French Supreme Court, commercial chamber, 6 January 2015 

It is the first time the French Supreme Court has an occasion to make a determination on this issue.

The French Supreme Court handed down a leading decision on 6 January 2015, upholding the Paris Court of Appeal's ruling that a plea of inadmissibility could be made against any holder of prior rights, not only holders of trademarks or signs used in the same field.

Hachette Filipacchi Presse, publisher of the widely known magazineParis-Match, had sought to block the continued operation in France of the dating website "Match.com" operated by the U.S. company of the same name, citing the fame of its "Paris-Match" trademark.

The suit was based, inter alia, on the provisions of article L.713-5 of the French Intellectual Property Code.1

Match.com entered a plea of inadmissibility due to the extinction of rights through acquiescence, based on the provisions of Directive 89/104 of 21 December 19882 harmonising trademarks legislation and article 54§2 of Council Regulation 207/2009 of 26 February 2009 on the Community trademark.3 Match.com contended that Hachette Filipacchi Presse could no longer take action because it had tolerated the use of its Community trademark "Match.com" in France for over five years.

Hachette Filipacchi argued that the extinction of rights through acquiescence as established in national law in article L.716-5 of the French Intellectual Property Code4 could only be argued in an infringement action, in the strict sense. It could not, they claimed, be part of an action relying on article L.713-5 of the Code protecting famous or well-known trademarks against uses to designate dissimilar products or services, which are actions for civil liability.

The French Supreme Court held that no distinction could be made based on the type of suit, and dismissed the appeal. The plea of inadmissibility was deemed to apply to the civil liability actions referred to in article L713-5 of the French Intellectual Property Code as well as to actions for infringement.

This broad interpretation of the scope of pleas for inadmissibility resulted from a combined reading of the aforementioned provisions from the Regulation and the Directive, and requires owners of famous trademarks not to remain passive vis-à-vis uses of their mark of which they are aware, and to take needed action within the prescribed time frame. As a reminder, the courts take the view that only a court summons suspends the time bar for an extinction of rights.

This decision also offered an opportunity to the French Supreme Court to remind us of the criteria for evaluating actual use of a trademark in France. In the Court's opinion, "Match.com" should be considered to be used in France insofar as the service offered through the match.com website included members residing in France, irrespective of the fact that it was only available in English at the time in question.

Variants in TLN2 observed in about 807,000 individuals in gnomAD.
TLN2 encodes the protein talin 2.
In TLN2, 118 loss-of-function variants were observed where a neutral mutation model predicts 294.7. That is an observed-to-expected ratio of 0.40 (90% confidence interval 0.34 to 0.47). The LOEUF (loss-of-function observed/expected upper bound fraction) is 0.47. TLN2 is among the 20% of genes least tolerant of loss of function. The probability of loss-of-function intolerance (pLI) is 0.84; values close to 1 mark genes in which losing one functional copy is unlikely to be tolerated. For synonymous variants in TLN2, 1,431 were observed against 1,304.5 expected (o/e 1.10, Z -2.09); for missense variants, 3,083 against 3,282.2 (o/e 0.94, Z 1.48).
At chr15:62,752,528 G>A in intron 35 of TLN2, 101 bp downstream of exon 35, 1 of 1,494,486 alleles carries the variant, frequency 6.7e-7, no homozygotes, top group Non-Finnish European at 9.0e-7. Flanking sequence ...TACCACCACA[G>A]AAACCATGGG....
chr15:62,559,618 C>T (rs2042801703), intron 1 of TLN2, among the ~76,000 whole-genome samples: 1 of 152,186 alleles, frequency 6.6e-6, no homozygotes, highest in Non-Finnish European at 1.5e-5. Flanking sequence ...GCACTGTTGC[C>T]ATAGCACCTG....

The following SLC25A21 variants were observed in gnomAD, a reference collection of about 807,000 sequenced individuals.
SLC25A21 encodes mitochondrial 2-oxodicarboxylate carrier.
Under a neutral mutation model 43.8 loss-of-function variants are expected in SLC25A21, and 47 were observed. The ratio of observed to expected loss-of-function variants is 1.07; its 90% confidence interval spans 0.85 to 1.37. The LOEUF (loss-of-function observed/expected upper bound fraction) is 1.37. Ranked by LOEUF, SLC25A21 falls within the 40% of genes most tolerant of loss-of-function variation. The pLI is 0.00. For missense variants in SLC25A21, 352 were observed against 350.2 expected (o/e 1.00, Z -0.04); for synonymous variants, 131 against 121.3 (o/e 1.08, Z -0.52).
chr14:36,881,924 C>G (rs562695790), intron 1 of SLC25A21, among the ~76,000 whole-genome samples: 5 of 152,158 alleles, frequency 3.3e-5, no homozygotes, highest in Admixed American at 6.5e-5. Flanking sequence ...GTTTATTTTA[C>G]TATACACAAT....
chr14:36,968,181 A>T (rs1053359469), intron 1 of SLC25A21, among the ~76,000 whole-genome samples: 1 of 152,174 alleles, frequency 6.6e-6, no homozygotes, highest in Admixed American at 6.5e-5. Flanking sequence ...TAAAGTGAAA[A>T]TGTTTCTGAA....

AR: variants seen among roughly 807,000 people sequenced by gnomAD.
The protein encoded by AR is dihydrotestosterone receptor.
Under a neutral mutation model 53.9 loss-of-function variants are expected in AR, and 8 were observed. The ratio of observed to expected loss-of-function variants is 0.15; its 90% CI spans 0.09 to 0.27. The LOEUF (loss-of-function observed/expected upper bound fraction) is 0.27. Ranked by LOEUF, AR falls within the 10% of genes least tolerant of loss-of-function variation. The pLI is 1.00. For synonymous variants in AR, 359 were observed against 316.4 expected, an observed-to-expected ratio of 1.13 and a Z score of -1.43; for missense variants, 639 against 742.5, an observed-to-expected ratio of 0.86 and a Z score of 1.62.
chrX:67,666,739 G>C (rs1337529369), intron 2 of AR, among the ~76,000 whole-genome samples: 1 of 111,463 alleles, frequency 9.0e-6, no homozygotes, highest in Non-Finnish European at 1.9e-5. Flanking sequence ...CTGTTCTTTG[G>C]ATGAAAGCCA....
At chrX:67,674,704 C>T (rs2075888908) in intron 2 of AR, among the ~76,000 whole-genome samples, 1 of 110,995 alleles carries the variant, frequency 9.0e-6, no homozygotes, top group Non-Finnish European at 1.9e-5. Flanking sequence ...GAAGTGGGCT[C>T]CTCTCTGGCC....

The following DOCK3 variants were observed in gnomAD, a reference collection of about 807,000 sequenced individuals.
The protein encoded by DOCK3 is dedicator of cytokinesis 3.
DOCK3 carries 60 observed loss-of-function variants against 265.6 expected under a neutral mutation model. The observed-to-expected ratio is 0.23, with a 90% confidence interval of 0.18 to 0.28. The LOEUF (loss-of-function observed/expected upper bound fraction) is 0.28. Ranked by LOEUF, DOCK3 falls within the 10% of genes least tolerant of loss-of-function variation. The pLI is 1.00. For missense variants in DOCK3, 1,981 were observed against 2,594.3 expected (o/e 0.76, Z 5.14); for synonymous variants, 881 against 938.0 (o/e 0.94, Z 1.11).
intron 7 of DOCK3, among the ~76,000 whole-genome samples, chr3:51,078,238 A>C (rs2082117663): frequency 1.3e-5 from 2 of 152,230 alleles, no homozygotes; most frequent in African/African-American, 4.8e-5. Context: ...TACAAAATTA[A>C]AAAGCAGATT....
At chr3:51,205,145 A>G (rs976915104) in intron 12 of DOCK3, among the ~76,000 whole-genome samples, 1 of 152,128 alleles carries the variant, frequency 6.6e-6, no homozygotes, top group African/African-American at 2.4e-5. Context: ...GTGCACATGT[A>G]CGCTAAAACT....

Explanatory notes

Article L.713-5 (1): "A party engaging in the reproduction or imitation of a trademark that is famous for products or services that are not similar to those designated in the registration may be liable if such reproduction or imitation is capable of harming the trademark owner or if such use of the trademark is unjustified."

Article 9 §1 of Directive 89/104 of 21 December 1988 on trademarks: "Where, in a Member State, the proprietor of an earlier trade mark as referred to in Article 4 (2) has acquiesced, for a period of five successive years, irt [sic] the use of a later trade mark registered in that Member State while being aware of such use, he shall no longer be entitled on the basis of the earlier trade mark either to apply for a declaration that the later trade mark is invalid or to oppose the use of the later trade mark in respect of the goods or services for which the later trade mark has been used, unless registration of the later trade mark was applied for in bad faith."

Article 54§2 of EC Regulation 207/2009: "Where the proprietor of an earlier national trade mark as referred to in Article 8(2) or of another earlier sign referred to in Article 8(4) has acquiesced, for a period of five successive years, in the use of a later Community trade mark in the Member State in which the earlier trade mark or the other earlier sign is protected while being aware of such use, he shall no longer be entitled on the basis of the earlier trade mark or of the other earlier sign either to apply for a declaration that the later trade mark is invalid or to oppose the use of the later trade mark in respect of the goods or services for which the later trade mark has been used, unless registration of the later Community trade mark was applied for in bad faith."

Article L.714-3 : "Civil actions for infringement are brought by the trademark owner. (…) Any action for infringement pertaining to a later registered trademark of which the use has been tolerated by the trademark holder for a period of five years shall be inadmissible, save where it has been registered in bad faith."